Sen. John Kennedy (R-Louisiana) has been playing a lot of footsie with net neutrality proponents, foremost of whom is Google, lately.
Kennedy wrote a weak-kneed letter on the subject several months ago, and said he was “honestly undecided” about a net neutrality CRA resolution dubbing it “a very, very close call.” (Arrested Development voiceover: It wasn’t. Net neutrality is an anti-property rights scheme cooked up by big content companies like Google to ensure them an unlimited opportunity to sell ads; it’s cronyism, pure and simple, and obviously bad).
Kennedy is viewed as a viable target for sustaining net neutrality by the Marxist-ish pro-net neutrality lefty group Free Press.
And it makes it just a little bit surprising that Kennedy is apparently now fretting that Big Tech’s power “scares” him. But here we are, according to Politico:
Sen. John Kennedy (R-La.), a member of the Judiciary Committee, told MT he’s in the process of drafting a letter asking Crime and Terrorism Subcommittee Chairman Lindsey Graham (R-S.C.) to invite CEOs from the tech giants to testify in Congress. “I’m proud of them – they’re very successful American companies,” he said. “But, sometimes their power scares me.”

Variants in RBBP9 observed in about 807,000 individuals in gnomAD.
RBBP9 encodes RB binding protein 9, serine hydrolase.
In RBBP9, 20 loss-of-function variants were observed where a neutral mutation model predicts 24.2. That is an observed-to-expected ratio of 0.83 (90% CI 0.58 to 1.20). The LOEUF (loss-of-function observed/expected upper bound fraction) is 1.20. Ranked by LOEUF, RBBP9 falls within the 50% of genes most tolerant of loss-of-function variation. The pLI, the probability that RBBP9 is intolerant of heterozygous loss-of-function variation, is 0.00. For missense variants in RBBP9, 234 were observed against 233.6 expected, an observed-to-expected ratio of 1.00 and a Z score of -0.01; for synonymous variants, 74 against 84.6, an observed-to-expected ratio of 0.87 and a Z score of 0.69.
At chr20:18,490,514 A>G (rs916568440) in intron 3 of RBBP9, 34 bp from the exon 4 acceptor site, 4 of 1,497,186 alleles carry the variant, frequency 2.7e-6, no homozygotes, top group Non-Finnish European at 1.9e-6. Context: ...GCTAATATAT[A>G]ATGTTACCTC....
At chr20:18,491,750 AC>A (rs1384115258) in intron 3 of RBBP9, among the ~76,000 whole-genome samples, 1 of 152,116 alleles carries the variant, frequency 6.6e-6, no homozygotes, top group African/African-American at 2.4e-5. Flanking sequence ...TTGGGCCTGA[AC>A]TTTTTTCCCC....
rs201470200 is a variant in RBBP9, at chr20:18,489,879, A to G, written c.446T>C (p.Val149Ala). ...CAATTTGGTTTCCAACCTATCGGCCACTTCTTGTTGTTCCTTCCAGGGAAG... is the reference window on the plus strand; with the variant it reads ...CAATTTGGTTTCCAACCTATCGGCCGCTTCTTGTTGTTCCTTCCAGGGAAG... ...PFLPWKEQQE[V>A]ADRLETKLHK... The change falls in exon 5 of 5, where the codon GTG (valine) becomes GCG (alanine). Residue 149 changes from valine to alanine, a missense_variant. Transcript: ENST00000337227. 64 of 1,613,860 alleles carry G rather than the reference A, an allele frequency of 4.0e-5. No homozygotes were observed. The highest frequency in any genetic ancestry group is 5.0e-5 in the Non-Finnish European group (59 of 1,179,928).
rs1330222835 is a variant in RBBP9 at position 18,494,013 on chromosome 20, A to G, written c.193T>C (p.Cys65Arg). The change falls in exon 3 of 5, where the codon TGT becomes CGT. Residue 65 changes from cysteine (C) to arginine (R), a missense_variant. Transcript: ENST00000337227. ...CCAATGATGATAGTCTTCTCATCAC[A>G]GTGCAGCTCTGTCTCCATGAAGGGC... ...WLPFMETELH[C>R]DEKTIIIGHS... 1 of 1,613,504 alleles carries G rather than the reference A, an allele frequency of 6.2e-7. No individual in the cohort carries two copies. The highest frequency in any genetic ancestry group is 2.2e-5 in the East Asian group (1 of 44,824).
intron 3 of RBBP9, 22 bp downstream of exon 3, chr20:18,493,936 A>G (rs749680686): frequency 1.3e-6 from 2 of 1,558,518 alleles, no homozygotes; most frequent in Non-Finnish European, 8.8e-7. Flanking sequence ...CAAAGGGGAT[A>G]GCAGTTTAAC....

If this is actually true, Sen. Kennedy, here’s a tip: Get off the fence about net neutrality, because all that policy does is entrench the “scary” power of Google and the other Big Tech megalodons that rely on using other people’s property for free to serve up high-yield advertising to Internet users everywhere.
Net neutrality isn’t about “freedom of information,” it’s about a few powerful companies’ ability to maintain their very lucrative ad businesses free of any impediments that could theoretically be indirectly imposed if, say, there were “fast” and “slow” lanes on the Internet.
And don’t take lobbying appointments with people who fundamentally do not believe in property rights, or have your staff treating them like credible people.
You’re a Republican. From Louisiana.
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